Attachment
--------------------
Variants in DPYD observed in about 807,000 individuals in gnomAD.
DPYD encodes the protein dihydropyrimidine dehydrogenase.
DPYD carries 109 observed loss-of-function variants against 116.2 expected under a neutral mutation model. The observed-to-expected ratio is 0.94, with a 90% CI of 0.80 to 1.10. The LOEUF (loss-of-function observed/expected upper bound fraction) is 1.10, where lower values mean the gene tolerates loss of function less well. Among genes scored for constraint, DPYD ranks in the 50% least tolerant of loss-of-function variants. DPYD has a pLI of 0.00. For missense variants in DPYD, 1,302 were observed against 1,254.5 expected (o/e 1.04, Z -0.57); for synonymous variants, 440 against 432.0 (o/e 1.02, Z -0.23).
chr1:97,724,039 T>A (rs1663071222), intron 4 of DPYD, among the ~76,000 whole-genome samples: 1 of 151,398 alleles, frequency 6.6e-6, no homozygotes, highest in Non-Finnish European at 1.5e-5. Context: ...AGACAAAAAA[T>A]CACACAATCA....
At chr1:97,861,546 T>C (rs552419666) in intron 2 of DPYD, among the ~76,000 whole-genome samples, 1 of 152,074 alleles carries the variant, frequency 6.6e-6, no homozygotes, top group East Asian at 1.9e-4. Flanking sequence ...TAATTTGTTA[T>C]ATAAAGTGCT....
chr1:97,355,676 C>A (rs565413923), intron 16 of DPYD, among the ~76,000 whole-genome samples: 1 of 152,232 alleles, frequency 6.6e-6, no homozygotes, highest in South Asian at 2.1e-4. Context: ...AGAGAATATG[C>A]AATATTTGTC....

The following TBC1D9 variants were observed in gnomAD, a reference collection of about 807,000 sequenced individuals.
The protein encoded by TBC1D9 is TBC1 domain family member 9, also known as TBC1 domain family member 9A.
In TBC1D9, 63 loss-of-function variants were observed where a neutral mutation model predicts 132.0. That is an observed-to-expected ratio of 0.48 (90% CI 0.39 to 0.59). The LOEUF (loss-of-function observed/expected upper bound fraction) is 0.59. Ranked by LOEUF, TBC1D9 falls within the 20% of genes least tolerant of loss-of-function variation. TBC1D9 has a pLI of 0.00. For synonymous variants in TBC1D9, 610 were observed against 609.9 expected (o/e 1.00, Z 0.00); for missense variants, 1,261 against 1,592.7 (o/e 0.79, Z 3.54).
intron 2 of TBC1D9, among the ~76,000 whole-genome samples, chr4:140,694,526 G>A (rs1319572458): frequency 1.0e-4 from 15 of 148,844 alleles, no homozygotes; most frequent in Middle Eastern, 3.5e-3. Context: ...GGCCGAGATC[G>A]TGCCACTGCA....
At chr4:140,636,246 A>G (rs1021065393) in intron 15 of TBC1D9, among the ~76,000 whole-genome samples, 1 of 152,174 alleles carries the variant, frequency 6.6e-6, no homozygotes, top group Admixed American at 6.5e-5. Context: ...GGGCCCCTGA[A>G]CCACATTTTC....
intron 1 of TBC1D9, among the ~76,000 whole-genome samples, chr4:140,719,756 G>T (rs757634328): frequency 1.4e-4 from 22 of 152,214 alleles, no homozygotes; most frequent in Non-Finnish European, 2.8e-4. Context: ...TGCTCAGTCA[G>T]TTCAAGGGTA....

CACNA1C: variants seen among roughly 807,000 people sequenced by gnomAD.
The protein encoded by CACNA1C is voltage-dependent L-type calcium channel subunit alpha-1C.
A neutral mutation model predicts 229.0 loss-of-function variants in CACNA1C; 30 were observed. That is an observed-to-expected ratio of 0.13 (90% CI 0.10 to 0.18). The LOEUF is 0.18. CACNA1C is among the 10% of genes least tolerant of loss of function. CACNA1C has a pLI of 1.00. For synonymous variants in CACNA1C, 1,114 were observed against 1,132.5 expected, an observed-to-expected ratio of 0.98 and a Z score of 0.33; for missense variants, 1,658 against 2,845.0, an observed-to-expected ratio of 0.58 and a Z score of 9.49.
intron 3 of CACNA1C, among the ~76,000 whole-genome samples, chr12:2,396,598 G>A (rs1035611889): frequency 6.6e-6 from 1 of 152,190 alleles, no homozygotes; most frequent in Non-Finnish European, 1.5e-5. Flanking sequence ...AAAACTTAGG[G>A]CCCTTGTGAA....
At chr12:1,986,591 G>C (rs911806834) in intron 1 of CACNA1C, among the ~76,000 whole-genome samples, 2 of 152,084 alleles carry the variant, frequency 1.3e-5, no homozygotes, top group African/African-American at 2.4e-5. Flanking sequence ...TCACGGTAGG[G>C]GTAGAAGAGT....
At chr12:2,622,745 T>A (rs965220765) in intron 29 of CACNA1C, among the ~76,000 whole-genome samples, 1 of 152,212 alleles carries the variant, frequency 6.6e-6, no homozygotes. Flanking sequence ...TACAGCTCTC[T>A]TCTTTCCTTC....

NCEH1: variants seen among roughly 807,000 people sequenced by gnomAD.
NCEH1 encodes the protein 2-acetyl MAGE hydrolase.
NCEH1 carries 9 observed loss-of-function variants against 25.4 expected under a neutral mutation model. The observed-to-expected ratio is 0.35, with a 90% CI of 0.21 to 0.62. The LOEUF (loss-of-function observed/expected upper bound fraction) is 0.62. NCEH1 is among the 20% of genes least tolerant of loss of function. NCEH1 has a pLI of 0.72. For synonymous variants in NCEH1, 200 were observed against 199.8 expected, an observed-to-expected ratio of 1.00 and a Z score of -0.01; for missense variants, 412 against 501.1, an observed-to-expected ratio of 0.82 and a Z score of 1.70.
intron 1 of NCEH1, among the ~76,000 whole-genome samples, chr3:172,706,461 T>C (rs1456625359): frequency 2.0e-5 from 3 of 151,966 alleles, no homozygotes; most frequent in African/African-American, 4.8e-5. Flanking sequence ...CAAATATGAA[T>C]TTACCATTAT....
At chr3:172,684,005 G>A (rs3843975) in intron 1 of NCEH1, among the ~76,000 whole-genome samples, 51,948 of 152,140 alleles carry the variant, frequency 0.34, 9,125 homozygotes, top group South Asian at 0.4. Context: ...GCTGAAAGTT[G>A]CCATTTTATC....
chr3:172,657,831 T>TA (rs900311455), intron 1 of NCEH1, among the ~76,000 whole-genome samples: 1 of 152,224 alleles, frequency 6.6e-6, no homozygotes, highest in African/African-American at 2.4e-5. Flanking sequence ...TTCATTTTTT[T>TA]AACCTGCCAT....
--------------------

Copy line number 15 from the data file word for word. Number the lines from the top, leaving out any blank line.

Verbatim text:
A neutral mutation model predicts 229.0 loss-of-function variants in CACNA1C; 30 were observed. That is an observed-to-expected ratio of 0.13 (90% CI 0.10 to 0.18). The LOEUF is 0.18. CACNA1C is among the 10% of genes least tolerant of loss of function. CACNA1C has a pLI of 1.00. For synonymous variants in CACNA1C, 1,114 were observed against 1,132.5 expected, an observed-to-expected ratio of 0.98 and a Z score of 0.33; for missense variants, 1,658 against 2,845.0, an observed-to-expected ratio of 0.58 and a Z score of 9.49.